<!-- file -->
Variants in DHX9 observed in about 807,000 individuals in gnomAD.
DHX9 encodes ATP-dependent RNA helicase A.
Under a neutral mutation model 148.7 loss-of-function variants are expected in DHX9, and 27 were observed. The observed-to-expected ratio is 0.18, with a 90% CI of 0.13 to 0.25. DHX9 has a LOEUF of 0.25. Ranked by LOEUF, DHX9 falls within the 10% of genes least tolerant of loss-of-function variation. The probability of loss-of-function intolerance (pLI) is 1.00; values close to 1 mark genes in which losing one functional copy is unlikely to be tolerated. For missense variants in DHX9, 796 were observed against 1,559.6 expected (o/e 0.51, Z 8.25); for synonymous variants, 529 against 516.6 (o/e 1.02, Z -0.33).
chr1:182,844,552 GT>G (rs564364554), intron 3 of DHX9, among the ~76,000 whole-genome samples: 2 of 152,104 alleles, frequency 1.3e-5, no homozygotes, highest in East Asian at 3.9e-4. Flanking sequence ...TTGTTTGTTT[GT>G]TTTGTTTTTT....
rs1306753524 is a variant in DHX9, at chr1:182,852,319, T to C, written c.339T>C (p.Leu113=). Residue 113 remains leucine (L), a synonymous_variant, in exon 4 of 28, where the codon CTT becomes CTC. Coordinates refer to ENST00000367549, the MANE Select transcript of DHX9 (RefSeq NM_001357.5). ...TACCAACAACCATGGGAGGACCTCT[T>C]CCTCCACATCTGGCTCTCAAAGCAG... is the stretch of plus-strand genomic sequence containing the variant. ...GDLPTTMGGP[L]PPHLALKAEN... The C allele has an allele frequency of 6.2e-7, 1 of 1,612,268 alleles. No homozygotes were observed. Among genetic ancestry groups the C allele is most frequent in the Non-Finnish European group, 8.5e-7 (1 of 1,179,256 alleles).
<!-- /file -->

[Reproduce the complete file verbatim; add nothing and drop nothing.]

Variants in DHX9 observed in about 807,000 individuals in gnomAD.
DHX9 encodes ATP-dependent RNA helicase A.
Under a neutral mutation model 148.7 loss-of-function variants are expected in DHX9, and 27 were observed. The observed-to-expected ratio is 0.18, with a 90% CI of 0.13 to 0.25. DHX9 has a LOEUF of 0.25. Ranked by LOEUF, DHX9 falls within the 10% of genes least tolerant of loss-of-function variation. The probability of loss-of-function intolerance (pLI) is 1.00; values close to 1 mark genes in which losing one functional copy is unlikely to be tolerated. For missense variants in DHX9, 796 were observed against 1,559.6 expected (o/e 0.51, Z 8.25); for synonymous variants, 529 against 516.6 (o/e 1.02, Z -0.33).
chr1:182,844,552 GT>G (rs564364554), intron 3 of DHX9, among the ~76,000 whole-genome samples: 2 of 152,104 alleles, frequency 1.3e-5, no homozygotes, highest in East Asian at 3.9e-4. Flanking sequence ...TTGTTTGTTT[GT>G]TTTGTTTTTT....
rs1306753524 is a variant in DHX9, at chr1:182,852,319, T to C, written c.339T>C (p.Leu113=). Residue 113 remains leucine (L), a synonymous_variant, in exon 4 of 28, where the codon CTT becomes CTC. Coordinates refer to ENST00000367549, the MANE Select transcript of DHX9 (RefSeq NM_001357.5). ...TACCAACAACCATGGGAGGACCTCT[T>C]CCTCCACATCTGGCTCTCAAAGCAG... is the stretch of plus-strand genomic sequence containing the variant. ...GDLPTTMGGP[L]PPHLALKAEN... The C allele has an allele frequency of 6.2e-7, 1 of 1,612,268 alleles. No homozygotes were observed. Among genetic ancestry groups the C allele is most frequent in the Non-Finnish European group, 8.5e-7 (1 of 1,179,256 alleles).